Friday, July 25, 2014

Warframe (Part Five)

Editor's Note:
During the course of featuring this game, Warframe, there has been an unfortunate incident of a "Version Update" by the game devs. Whilst the majority of the gameplay has been left untouched and somewhat the same, a radical change has been made to the game's interface or hud display.

As such, I have chosen to keep the previously written articles intact and without any changes made to them. But from here onwards, the continuing articles will be made/written using screenshots in the new interface.

But a word of warning...

While the new interface does give an intriguing dash of sci-fi, futuristic feel to the game, it is in my opinion a little bit too tacky and hard to get accustomed to (in comparison to the old one).

Mods
Do you still remember in the previous article, when I was talking about Ranks, that I mentioned about "Mod Points" and its purpose being for installing of "Mods"? Well...here is where we will be touching upon it, so look no further.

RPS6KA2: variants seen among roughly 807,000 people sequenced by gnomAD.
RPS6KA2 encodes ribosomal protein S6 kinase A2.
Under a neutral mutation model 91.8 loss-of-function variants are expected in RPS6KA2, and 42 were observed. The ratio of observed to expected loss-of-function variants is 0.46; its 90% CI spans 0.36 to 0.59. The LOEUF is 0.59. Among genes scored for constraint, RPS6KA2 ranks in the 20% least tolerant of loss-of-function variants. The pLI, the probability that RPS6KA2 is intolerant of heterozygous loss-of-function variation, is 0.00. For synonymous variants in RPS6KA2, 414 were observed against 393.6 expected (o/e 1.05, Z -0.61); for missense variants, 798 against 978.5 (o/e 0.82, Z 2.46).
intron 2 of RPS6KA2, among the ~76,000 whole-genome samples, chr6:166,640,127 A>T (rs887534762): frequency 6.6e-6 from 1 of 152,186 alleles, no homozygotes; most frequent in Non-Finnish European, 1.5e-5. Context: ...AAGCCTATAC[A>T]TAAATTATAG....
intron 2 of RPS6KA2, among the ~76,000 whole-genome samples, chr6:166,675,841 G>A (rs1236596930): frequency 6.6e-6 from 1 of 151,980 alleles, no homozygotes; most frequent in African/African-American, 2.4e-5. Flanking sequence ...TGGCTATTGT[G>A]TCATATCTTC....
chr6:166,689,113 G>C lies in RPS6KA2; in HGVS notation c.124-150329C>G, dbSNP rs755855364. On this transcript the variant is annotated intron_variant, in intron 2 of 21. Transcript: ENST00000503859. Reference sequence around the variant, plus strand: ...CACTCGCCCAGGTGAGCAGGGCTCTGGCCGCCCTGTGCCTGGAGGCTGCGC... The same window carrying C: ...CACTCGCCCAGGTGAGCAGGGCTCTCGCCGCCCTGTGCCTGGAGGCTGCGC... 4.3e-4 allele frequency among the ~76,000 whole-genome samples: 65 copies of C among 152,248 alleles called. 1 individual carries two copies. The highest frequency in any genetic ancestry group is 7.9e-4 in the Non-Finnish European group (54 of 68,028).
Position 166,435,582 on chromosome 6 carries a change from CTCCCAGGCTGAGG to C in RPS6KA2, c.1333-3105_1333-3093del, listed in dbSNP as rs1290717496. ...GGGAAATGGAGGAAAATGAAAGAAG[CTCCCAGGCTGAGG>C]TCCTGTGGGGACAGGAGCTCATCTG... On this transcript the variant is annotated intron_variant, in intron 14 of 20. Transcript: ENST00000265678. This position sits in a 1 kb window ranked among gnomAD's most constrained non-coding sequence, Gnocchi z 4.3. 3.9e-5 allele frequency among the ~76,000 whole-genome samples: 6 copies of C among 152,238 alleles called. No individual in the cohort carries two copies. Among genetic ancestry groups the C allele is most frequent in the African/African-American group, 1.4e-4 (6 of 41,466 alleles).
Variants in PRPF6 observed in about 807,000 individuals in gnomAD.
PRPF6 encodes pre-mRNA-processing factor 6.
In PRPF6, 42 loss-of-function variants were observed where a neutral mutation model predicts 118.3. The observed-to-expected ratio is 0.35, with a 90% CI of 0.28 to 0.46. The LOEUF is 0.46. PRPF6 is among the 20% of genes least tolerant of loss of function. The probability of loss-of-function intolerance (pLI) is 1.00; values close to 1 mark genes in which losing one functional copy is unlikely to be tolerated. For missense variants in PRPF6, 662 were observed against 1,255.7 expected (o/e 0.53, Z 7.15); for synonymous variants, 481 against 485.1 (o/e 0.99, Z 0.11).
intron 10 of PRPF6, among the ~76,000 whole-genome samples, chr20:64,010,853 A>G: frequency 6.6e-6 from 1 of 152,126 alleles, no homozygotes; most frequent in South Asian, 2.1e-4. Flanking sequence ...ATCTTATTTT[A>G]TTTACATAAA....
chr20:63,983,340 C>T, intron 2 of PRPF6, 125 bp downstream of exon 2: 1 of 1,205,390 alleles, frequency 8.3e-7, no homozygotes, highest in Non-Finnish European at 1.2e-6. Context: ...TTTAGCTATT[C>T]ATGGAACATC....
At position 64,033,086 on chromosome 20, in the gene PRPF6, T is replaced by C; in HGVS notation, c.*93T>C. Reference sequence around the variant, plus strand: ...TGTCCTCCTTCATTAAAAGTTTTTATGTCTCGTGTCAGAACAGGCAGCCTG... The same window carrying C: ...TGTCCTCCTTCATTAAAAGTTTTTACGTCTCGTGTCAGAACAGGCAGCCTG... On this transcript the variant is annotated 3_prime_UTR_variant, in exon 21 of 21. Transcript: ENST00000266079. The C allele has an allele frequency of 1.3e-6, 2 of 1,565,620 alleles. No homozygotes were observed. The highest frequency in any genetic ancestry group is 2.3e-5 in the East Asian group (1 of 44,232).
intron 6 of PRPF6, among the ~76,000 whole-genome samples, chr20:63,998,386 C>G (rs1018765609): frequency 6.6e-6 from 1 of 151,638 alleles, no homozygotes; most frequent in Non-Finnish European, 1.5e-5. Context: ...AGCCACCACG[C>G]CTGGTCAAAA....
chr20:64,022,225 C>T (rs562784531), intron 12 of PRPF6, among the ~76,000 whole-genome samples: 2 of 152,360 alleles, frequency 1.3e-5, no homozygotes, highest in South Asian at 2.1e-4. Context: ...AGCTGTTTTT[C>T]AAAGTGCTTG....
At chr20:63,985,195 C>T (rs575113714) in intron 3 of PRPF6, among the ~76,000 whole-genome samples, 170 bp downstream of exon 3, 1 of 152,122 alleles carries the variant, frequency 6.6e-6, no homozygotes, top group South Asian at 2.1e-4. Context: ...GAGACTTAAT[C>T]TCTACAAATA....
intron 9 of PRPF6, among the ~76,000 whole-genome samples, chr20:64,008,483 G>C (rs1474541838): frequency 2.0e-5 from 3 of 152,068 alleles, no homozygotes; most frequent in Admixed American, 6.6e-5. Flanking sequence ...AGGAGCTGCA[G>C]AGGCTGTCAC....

What are mods and what do they do?

Warframe - Unmodded Rank 30 KunaiWarframe - Modded Rank 30 Kunai
To state it quite simply, mods are something that you install onto an item, be it a weapon, a warframe or a sentinel, to alter its parameters (stats) and make it better.

In other words, it will make an inferior weapon...better, but can also make a good weapon into a killing machine. It all depends on how you mod it and the purpose your modding it for.

The Basics of a Mod
The below shows a typical mod that you can pick up during the course of playing the game. And for your convenience-sake, I've highlighted the important aspects found on the mod so that you can know and understand what each of them means...
Warframe - Mod Incendiary Coat
  • Name
    This tells you the name of the mod.
  • Power
    This tells you the power of the mod.

    Without an "arrow" pointing upwards (beside the number), this depicts the amount of mod points needed to install the mod onto the item. But with the "arrow", instead of "consuming" mod points upon installation, it would free up mod points on the item...giving you points to install more mods (if you have the space for them that is).